NCERT Solutions for Class 8 History Chapter 9 – The Making of the National Movement: 1870s – 1947 (Social Science), contains solutions to various questions in Exercise for Chapter 9. At the end of the Solutions, all the keywords and Notes which are important to understand From The Making of the National Movement: 1870s – 1947 Class 8 History, have been explained in a simple and easy to understand manner. We are providing NCERT Solutions for Class 8 all subjects which can be accessed by clicking here.
Download NCERT Solutions for Class 8 History Chapter 9 – The Making of the National Movement: 1870s – 1947
NCERT Solutions for Class 8 History Chapter 9 – The Making of the National Movement: 1870s – 1947 – Solutions to Question 1 to Question 4
NCERT Solutions for Class 8 History Chapter 9 – The Making of the National Movement: 1870s – 1947 – Solutions to Question 4 to Question 7
NCERT Solutions for Class 8 History Chapter 9 – The Making of the National Movement: 1870s – 1947 – Solutions to Question 7 to Question 10
NCERT Solutions for Class 8 History Chapter 9 – The Making of the National Movement: 1870s – 1947 – Solutions to Question 10 and Question 11-Definition of Keywords-Sovereign, Repeal, Revolutionary Violence, Councils and Knighthood.
NCERT Solutions for Class 8 History Chapter 9 – The Making of the National Movement: 1870s – 1947 Exercises includes Question/Answers which helps you to understand the topic covered in The Making of the National Movement: 1870s – 1947 Class 8 History (Social Science), in a better manner to help you to score good marks in your examinations.
NCERT Solutions for Class 8 History Chapter 9 – The Making of the National Movement: 1870s – 1947– NCERT Exercises
Why were people dissatisfied with British rule in the 1870’s and 1880’s?
India was the nation for the people of the country without any social, economic or political discrimination and the Britishers possessed an unceasing threat to the citizens. The power to take decisions and sovereignty were two essential elements to make the people independent and with Britishers ruling the nation this was impossible. As a result of which revolts against the Britishers started taking place and the revolt of 1857 changed the picture completely. People were becoming more and more dissatisfied with the British rule and in 1870’s and 1880 owing to the passing of the Arm’s act and the Vernacular Press act in the year 1878 which prohibited Indians from owning arms and putting restriction on press for printing content if objectionable according to the government respectively along with the withdrawal of Ilbert Bill 1883 which could have acted as a rule of equality made the Indians even more discontented with the English rule.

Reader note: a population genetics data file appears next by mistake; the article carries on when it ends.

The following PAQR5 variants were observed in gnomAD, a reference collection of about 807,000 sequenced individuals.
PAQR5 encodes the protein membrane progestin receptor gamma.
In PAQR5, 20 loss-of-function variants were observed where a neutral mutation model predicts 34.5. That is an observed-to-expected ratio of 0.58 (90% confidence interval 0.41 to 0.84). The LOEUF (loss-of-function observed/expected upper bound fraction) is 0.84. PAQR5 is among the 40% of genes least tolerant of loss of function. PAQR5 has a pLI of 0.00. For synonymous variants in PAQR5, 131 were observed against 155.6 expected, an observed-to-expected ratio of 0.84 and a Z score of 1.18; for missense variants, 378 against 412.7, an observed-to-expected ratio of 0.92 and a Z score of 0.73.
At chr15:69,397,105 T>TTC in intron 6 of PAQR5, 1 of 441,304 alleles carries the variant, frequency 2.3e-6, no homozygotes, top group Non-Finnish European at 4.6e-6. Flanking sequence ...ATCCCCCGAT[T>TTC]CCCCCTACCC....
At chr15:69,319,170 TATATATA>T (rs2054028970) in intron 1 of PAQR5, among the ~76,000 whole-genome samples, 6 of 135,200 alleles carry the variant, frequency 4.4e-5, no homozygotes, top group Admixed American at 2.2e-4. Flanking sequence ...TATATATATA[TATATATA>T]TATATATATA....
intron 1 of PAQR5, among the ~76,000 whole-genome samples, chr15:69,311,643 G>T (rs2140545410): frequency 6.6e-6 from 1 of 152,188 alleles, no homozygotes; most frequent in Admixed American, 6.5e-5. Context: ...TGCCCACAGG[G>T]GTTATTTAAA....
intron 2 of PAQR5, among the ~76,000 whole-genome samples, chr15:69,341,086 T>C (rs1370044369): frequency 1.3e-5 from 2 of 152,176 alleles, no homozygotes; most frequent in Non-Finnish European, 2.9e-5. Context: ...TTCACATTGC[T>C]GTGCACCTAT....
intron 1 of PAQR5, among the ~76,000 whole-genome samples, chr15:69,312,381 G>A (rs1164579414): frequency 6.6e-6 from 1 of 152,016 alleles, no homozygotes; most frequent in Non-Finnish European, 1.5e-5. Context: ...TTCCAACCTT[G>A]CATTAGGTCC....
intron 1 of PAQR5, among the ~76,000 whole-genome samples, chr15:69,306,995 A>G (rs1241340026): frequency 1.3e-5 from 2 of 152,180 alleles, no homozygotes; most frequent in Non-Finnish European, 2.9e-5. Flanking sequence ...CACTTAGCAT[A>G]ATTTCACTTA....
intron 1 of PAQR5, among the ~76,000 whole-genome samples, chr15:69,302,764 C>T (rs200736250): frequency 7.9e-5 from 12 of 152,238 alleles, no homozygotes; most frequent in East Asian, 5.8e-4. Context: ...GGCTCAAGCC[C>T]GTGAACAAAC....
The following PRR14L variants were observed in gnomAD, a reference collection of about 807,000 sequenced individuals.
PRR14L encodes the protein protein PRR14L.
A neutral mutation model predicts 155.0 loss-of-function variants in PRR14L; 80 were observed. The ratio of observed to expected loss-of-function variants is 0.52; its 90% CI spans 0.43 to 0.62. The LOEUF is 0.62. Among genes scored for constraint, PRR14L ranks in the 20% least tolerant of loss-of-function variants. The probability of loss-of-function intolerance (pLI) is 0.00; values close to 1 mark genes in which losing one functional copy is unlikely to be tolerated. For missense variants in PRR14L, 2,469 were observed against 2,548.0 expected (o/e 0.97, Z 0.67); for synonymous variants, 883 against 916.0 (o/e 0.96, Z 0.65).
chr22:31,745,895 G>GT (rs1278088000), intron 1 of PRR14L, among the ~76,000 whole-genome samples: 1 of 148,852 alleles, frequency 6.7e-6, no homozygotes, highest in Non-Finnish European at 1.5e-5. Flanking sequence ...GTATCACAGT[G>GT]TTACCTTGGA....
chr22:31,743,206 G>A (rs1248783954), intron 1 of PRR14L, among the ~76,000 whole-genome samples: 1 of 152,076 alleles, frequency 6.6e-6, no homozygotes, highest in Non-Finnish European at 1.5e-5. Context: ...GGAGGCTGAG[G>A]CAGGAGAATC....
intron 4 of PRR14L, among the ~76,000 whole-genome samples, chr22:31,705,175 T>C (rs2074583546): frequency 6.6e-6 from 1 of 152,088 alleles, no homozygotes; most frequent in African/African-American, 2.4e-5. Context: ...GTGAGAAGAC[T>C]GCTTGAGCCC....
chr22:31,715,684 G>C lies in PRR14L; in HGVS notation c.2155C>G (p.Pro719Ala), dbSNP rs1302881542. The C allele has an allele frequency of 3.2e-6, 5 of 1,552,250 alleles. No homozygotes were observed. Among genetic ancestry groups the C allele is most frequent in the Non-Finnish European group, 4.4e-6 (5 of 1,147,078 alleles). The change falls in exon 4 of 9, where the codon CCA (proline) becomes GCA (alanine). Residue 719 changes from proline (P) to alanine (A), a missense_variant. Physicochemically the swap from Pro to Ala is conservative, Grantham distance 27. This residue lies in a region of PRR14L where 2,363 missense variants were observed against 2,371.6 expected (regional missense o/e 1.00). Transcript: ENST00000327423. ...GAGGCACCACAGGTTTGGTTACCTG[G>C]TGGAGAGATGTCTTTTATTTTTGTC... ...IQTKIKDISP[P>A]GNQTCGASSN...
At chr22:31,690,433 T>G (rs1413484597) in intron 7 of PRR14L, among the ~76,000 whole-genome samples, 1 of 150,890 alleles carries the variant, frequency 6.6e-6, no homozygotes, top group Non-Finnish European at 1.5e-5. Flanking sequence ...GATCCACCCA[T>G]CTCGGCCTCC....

Who did the Indian National Congress wish to speak for?
The Indian National Congress was established in the year 1885 with a number of delegated joined in to form the party from all over the country. It was considered to be a moderate in its objectives during the first 20 years and wished to speak for the common masses and for all the citizens of the country.
What economic impact did the First World War have on India?
The first world war that lasted from 1914 to 1918 left a huge economic and political impression on the people of India. It led to an unexpectedly high defense expenditure on the government which in turn increased the tax burden on the individuals. However, the trading and business class people procured enormous profits out of the situation as reduced imports, and high demand led to more opportunities of development for them by giving them good returns and high economic status in the society.
What did the Muslim League Resolution of 1940 ask for?
Eventually in the late 1930’s owing to the two decade long, tension between the two religious groups of Hindus and Muslims the Muslim league wanted a separate nation from the Hindus. However, in the 1940 they stimulated a resolution for the demand of Independent states for Muslims in the North western and Eastern part of the country which later got partitioned as Pakistan and Bangladesh post-independence.
Who were the moderates? How did they propose to struggle against the British rule?
During the first twenty years after its inception the members of congress were considered to be moderates in their approach. They demanded for greater administrative voice, Indianisation, separation of the judiciary from the executive, rescind of the arms act and freedom of speech and expression. They wrote newspapers, articles and spreaded awareness by criticizing the deeds of the Britishers in their speeches among the masses as a means to oppose to the oppressive rule of the Englishmen.
How was the politics of the radicals within the congress different from that of the moderates?